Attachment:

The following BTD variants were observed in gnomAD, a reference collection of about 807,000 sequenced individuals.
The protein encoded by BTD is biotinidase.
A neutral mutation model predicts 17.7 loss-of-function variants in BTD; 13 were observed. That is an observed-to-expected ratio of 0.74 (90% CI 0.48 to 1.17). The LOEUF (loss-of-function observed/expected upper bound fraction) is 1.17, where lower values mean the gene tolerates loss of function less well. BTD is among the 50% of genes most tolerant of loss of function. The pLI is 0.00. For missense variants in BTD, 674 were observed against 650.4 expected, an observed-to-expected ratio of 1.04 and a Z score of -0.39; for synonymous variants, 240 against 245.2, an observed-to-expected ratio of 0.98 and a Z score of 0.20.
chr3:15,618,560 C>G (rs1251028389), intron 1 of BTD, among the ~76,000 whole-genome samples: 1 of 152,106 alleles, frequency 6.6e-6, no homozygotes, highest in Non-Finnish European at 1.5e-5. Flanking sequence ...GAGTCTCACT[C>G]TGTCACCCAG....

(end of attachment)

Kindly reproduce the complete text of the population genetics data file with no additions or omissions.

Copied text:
The following BTD variants were observed in gnomAD, a reference collection of about 807,000 sequenced individuals.
The protein encoded by BTD is biotinidase.
A neutral mutation model predicts 17.7 loss-of-function variants in BTD; 13 were observed. That is an observed-to-expected ratio of 0.74 (90% CI 0.48 to 1.17). The LOEUF (loss-of-function observed/expected upper bound fraction) is 1.17, where lower values mean the gene tolerates loss of function less well. BTD is among the 50% of genes most tolerant of loss of function. The pLI is 0.00. For missense variants in BTD, 674 were observed against 650.4 expected, an observed-to-expected ratio of 1.04 and a Z score of -0.39; for synonymous variants, 240 against 245.2, an observed-to-expected ratio of 0.98 and a Z score of 0.20.
chr3:15,618,560 C>G (rs1251028389), intron 1 of BTD, among the ~76,000 whole-genome samples: 1 of 152,106 alleles, frequency 6.6e-6, no homozygotes, highest in Non-Finnish European at 1.5e-5. Flanking sequence ...GAGTCTCACT[C>G]TGTCACCCAG....